Around 45,000 years ago, Europe underwent significant changes. Neanderthal dominance on the continent began to wane, while the emerging human race emerged and spread. Homo sapiens. During the Middle to Upper Paleolithic transition, a period spanning several millennia, there was coexistence and even genetic contact between Neanderthals and sapiens, as evidenced by the 2% Neanderthal DNA in the current human genome.
In this context, both Neanderthals and Sapiens developed distinct cultures. An example is the Lingambian-Ranician-Gersmanovician (LRJ) culture associated with a specific stone industry in northwestern and central Europe. Germany to Great Britain. It has been a puzzle to scientists that this culture gave rise to one of the two human races.
Recent investigations at the Ilsenhol cave in Runis, GermanyA site linked to the LRJ culture revealed sporadic occupations by modern humans dating back 47,500 years, long before the Neanderthals disappeared.
These are FindingsRecently released Nature and Natural Ecology & Evolution By a team at the Max Planck Institute for Evolutionary Anthropology in Leipzig, GermanyReinforcing the view of Paleolithic Europe as characterized by a diversity of human populations and cultures.
Originally excavated in 1930, Ranis Cave did not contain any human remains at the time. However, the most recent investigations, carried out between 2016 and 2022, went down eight meters and removed 1.7 meters of rock. discovery Exceptionally well-preserved human remains.
This is discovery A 1930s excavation prompted a re-examination of bone fragments collected. A closer analysis revealed that earlier identification of several bones, previously listed as animal in origin, identified them as human.
In total, thirteen human skeletal remains were identified, whose DNA analysis indicated that they belonged to a single individual. Homo sapiens or to multiple maternal relatives. They were part of the first modern humans to settle in Europe 47,500 years ago.
At the same time, two groups of researchers devoted themselves to studying the climates and habitats of these pioneers. Homo sapiens in Ranis, as well as adaptive capacity, describes its findings in publications in Nature Ecology & Evolution.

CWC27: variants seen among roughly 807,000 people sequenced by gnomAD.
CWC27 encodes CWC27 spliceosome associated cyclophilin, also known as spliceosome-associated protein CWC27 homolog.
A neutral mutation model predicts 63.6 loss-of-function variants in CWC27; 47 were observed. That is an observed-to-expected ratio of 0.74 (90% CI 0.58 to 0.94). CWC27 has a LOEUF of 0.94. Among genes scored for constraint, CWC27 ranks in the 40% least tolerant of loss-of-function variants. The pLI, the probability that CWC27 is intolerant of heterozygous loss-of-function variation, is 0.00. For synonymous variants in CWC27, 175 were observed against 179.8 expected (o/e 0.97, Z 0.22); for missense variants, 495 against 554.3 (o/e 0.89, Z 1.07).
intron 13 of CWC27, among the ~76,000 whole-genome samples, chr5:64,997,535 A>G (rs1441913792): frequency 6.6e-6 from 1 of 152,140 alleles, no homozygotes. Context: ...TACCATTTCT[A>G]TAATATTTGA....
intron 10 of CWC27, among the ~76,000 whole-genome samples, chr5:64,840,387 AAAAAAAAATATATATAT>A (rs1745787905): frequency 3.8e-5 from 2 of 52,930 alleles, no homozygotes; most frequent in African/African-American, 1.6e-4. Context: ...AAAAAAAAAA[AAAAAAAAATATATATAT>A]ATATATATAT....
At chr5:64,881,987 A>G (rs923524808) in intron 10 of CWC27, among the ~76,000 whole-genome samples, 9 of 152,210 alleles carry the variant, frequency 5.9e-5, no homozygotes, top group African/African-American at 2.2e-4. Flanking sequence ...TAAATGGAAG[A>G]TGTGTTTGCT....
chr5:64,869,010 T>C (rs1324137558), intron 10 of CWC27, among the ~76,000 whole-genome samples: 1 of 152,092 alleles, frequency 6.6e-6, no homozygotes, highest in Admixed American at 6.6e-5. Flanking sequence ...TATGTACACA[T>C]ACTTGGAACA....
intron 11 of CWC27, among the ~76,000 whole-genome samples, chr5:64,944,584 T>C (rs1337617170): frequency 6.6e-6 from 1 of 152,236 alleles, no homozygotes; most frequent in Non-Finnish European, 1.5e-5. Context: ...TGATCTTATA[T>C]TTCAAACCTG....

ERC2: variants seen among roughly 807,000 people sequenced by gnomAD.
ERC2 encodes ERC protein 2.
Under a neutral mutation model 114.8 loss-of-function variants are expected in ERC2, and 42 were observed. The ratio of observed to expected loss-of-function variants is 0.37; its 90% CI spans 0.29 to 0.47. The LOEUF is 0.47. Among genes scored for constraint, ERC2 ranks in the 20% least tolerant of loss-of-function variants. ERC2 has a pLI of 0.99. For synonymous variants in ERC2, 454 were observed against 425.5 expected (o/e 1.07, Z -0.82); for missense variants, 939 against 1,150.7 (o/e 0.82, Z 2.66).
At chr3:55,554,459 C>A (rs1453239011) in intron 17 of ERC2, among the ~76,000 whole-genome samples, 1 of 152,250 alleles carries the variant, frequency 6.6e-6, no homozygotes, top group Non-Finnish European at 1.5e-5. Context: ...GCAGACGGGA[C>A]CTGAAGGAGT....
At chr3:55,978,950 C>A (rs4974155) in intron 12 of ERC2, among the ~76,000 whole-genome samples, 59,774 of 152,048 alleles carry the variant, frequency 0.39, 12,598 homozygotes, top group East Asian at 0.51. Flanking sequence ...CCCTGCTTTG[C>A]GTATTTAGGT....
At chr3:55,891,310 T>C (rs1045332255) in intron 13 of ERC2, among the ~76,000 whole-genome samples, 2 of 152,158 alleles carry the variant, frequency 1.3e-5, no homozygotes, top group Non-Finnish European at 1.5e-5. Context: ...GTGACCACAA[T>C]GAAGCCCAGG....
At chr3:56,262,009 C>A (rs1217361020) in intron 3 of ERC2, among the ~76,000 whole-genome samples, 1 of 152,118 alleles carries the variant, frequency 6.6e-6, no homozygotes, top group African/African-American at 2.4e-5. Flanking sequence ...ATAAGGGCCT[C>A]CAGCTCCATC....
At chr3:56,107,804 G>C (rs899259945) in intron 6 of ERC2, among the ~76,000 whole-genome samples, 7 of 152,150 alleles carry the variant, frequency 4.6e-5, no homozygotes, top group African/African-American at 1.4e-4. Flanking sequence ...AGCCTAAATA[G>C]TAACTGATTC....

Stable isotope studies of animal teeth and bones show that between 45,000 and 43,000 years ago, the Runis was a very cold region, comparable to the steppe landscapes of modern-day Siberia or northern Scandinavia. Also, a progressive cooling of climate conditions over time was evident.
“This shows that even these early groups Homo sapiens Scattered throughout Eurasia, it already had a certain capacity to adapt to such extreme climatic conditions,” explained Sarah Pedersani, director of the Paleoclimatic Study of the University of La Laguna (Tenerife) and Max Planck and Cave.
The finding is “fascinating and surprising” because until recently it was thought that resistance to climatic conditions did not take place after several thousand years, he notes.
Research details say that these are early days Homo sapiens They moved in small groups and made brief and active forays to hunt large land mammals such as horses, rhinoceroses, and reindeer.
This combination of studies, ranging from archaeological excavations and morphological and proteomics-based taxonomy, mitochondrial DNA analysis, radiocarbon dating of artifacts and human remains, zooarchaeology, and isotopic analysis, has been a significant advance in understanding the First Invasion. Homo sapiens In Europe north of the Alps, during a period that marks the transition from the Middle to the Upper Paleolithic.
“Ilsenhöhle's results at Ranis radically change our thinking about the chronology and history of settlement north of the Alps in Europe. The presence of the oldest H. sapiens now in Thuringia is very exciting. Germany“Tim Schüler of the Thüringisches Landesamt für Denkmalpflege und Archäologie concluded.
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